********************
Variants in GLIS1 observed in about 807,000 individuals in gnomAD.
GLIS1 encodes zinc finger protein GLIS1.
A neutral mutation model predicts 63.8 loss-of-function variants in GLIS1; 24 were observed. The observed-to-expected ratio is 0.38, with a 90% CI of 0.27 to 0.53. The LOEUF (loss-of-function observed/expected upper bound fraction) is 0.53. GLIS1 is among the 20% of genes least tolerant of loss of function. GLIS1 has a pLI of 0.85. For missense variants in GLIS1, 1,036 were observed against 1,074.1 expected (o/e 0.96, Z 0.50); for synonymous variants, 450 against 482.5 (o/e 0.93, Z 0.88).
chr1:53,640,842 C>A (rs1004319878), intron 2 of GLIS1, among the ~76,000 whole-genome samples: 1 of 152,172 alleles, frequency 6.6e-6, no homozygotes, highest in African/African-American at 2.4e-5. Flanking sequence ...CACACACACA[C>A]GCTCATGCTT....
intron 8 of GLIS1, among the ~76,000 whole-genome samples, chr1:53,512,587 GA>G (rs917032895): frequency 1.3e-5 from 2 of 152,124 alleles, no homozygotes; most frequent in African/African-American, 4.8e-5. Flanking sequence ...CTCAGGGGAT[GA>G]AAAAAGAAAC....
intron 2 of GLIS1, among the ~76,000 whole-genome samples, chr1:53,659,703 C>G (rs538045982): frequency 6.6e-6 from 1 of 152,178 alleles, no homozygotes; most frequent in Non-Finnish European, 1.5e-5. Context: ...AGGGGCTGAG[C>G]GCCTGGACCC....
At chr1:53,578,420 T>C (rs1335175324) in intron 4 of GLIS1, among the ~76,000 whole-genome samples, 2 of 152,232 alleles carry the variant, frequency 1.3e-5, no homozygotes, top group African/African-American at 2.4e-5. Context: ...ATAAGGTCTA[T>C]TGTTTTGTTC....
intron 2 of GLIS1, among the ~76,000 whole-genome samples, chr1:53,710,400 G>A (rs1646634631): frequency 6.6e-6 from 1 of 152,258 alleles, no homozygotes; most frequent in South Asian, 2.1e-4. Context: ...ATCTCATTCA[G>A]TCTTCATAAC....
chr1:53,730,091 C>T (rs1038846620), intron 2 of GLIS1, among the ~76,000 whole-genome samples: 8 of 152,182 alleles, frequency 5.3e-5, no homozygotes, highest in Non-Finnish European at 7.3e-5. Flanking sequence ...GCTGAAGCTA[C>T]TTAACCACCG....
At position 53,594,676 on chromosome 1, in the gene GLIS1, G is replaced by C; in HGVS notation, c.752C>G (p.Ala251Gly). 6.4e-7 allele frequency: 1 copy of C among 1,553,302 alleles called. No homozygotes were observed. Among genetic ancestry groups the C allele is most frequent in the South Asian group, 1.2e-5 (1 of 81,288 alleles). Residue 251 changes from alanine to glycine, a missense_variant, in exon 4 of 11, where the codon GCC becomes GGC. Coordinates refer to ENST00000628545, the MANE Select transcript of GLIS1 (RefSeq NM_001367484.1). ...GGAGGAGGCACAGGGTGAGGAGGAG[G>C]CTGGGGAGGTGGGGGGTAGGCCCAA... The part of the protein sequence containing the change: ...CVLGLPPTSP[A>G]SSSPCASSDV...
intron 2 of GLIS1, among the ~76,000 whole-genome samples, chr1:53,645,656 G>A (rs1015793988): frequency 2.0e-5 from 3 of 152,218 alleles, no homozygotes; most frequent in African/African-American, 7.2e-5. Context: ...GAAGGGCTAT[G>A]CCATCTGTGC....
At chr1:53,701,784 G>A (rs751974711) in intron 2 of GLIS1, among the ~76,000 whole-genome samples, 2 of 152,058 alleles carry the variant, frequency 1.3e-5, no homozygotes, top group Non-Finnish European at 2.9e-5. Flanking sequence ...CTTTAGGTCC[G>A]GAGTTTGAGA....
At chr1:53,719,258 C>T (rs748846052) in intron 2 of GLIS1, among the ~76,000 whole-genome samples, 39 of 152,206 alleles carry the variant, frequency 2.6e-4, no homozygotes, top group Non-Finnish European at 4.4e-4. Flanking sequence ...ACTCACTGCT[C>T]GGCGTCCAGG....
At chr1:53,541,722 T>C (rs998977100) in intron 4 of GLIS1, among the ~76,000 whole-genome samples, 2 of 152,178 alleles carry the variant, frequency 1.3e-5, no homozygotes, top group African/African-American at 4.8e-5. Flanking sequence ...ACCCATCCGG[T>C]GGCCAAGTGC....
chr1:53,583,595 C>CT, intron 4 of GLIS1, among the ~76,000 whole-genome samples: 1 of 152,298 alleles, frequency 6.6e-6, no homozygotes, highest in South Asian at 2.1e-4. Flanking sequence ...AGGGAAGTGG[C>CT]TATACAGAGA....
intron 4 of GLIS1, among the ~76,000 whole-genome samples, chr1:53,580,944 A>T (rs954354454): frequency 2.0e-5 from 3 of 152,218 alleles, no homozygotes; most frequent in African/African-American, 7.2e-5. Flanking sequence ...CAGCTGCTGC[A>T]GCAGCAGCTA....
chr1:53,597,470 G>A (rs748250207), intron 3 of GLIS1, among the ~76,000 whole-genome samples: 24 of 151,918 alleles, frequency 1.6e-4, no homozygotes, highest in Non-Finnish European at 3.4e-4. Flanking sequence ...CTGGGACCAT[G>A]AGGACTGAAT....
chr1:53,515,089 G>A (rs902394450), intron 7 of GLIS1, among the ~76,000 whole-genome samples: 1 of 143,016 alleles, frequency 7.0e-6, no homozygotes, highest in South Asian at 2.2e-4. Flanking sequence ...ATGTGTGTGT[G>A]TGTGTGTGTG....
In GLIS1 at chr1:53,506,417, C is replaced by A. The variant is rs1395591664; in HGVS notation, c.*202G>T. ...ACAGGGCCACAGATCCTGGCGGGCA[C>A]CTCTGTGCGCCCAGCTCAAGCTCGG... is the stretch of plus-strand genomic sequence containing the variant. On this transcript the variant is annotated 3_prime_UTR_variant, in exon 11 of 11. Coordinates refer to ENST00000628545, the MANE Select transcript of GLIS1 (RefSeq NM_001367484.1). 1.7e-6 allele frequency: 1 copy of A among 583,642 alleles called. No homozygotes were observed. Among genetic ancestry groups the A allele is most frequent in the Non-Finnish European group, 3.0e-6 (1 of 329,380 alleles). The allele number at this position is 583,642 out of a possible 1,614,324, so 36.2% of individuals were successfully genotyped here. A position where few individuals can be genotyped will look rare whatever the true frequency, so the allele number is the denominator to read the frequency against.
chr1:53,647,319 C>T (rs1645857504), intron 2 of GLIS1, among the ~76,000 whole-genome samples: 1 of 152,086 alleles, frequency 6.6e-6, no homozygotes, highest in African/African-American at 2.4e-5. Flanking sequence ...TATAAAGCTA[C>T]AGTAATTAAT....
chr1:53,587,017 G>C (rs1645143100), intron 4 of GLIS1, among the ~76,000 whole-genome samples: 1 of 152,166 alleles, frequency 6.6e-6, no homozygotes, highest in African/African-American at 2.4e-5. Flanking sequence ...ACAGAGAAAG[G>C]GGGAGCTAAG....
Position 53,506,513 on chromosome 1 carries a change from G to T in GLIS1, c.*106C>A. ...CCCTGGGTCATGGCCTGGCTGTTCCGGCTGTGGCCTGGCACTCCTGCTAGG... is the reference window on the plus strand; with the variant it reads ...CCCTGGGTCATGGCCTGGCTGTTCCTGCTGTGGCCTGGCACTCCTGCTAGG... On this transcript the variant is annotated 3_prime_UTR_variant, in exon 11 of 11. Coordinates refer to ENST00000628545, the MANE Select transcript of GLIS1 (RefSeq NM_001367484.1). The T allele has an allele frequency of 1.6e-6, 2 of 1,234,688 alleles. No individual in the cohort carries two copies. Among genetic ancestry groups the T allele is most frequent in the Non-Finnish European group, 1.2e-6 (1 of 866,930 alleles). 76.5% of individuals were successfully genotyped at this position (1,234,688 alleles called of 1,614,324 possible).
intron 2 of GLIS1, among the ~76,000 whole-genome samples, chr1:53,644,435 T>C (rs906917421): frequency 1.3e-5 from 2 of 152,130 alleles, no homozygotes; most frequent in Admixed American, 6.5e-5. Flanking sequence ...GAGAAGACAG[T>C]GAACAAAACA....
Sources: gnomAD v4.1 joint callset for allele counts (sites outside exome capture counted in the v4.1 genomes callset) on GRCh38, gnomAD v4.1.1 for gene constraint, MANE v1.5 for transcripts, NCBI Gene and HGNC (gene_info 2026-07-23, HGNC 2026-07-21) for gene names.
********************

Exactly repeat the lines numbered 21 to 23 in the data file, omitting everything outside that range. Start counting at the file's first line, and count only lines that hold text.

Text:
chr1:53,587,017 G>C (rs1645143100), intron 4 of GLIS1, among the ~76,000 whole-genome samples: 1 of 152,166 alleles, frequency 6.6e-6, no homozygotes, highest in African/African-American at 2.4e-5. Flanking sequence ...ACAGAGAAAG[G>C]GGGAGCTAAG....
Position 53,506,513 on chromosome 1 carries a change from G to T in GLIS1, c.*106C>A. ...CCCTGGGTCATGGCCTGGCTGTTCCGGCTGTGGCCTGGCACTCCTGCTAGG... is the reference window on the plus strand; with the variant it reads ...CCCTGGGTCATGGCCTGGCTGTTCCTGCTGTGGCCTGGCACTCCTGCTAGG... On this transcript the variant is annotated 3_prime_UTR_variant, in exon 11 of 11. Coordinates refer to ENST00000628545, the MANE Select transcript of GLIS1 (RefSeq NM_001367484.1). The T allele has an allele frequency of 1.6e-6, 2 of 1,234,688 alleles. No individual in the cohort carries two copies. Among genetic ancestry groups the T allele is most frequent in the Non-Finnish European group, 1.2e-6 (1 of 866,930 alleles). 76.5% of individuals were successfully genotyped at this position (1,234,688 alleles called of 1,614,324 possible).
intron 2 of GLIS1, among the ~76,000 whole-genome samples, chr1:53,644,435 T>C (rs906917421): frequency 1.3e-5 from 2 of 152,130 alleles, no homozygotes; most frequent in Admixed American, 6.5e-5. Flanking sequence ...GAGAAGACAG[T>C]GAACAAAACA....